The European Council has drafted a resolution stating that authorities must be able to access data, even if encryption is used. The EU Council calls for a ‘better balance’ between encryption and security.
The draft of the resolution, published by the Austrian FM4, is called ‘Security through encryption and security despite encryption’. The text states that while the European Council supports the development, implementation and use of strong encryption, it is time for a ‘better balance’. If authorities gain lawful access to data, it is not possible in practice to read or use it due to encryption. This is a provisional text of a resolution, which is not legally binding but expresses the Council’s positions.
The published text states that it is “extremely important to protect the privacy and security of communications with encryption, while preserving the ability for competent security and judicial authorities to legally access relevant data.” The text mentions the aim of combating organized crime and terrorism.
How that access should proceed while maintaining strong encryption is not stated in the text. It only states that an active discussion must be initiated with the tech industry, and that technical solutions must comply with the principles of legality, transparency, necessity and proportionality. “Because there is no single way to achieve these goals, governments, industry, research and academies must work together to create this balance,” the report said.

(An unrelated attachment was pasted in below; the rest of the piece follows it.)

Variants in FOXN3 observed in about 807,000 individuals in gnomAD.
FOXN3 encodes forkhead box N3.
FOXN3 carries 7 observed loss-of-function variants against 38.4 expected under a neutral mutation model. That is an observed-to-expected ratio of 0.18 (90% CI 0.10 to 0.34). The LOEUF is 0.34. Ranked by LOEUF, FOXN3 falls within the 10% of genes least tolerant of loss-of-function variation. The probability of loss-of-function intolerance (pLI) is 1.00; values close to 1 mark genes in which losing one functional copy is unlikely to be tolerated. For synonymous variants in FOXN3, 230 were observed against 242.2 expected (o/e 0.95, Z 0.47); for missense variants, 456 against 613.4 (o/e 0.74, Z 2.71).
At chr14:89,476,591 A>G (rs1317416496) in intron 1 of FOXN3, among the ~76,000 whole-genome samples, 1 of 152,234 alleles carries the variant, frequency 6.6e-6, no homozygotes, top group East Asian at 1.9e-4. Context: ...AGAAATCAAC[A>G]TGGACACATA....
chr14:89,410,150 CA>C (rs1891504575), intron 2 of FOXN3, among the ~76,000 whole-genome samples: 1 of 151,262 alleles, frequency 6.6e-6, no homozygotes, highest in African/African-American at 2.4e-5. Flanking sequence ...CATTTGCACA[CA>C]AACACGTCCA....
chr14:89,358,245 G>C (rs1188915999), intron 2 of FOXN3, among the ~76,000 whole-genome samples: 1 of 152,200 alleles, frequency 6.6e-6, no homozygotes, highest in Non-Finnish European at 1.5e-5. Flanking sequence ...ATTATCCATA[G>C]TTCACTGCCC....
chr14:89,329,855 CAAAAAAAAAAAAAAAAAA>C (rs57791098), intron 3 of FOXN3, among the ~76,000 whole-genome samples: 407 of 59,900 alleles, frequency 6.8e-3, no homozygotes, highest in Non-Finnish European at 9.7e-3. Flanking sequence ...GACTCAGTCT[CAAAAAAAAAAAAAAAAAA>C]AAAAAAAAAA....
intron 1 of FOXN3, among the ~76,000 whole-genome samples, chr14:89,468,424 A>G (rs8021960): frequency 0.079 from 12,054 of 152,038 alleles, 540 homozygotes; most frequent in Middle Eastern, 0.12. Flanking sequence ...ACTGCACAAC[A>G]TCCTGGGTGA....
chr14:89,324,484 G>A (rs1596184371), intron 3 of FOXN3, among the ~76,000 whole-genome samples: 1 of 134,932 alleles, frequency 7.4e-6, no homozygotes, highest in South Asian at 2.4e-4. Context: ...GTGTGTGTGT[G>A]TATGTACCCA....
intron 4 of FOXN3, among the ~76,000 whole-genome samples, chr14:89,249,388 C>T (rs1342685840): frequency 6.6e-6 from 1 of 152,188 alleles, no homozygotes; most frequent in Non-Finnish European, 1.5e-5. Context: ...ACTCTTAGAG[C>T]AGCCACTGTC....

The draft of the resolution is dated November 6. Until November 12, the parties involved are allowed to respond, such as working groups from the security sector. If no proposals for amendment are received before then, the text will be submitted to the Committee on Operational Cooperation on Internal Security on November 19 and to the Committee of Permanent Representatives on November 25 for further preparation. Only then can the resolution possibly reach the European Council.
There have been voices for some time to allow access to data for authorities. The importance of strong encryption is almost always emphasized, but no concrete possibilities are mentioned as to how strong encryption can be achieved with access to the underlying data. For example, Justice and Security Minister Grapperhaus said last year that it “should be impossible to use encryption to exchange child pornography,” although he clarified that he would not advocate weakening encryption.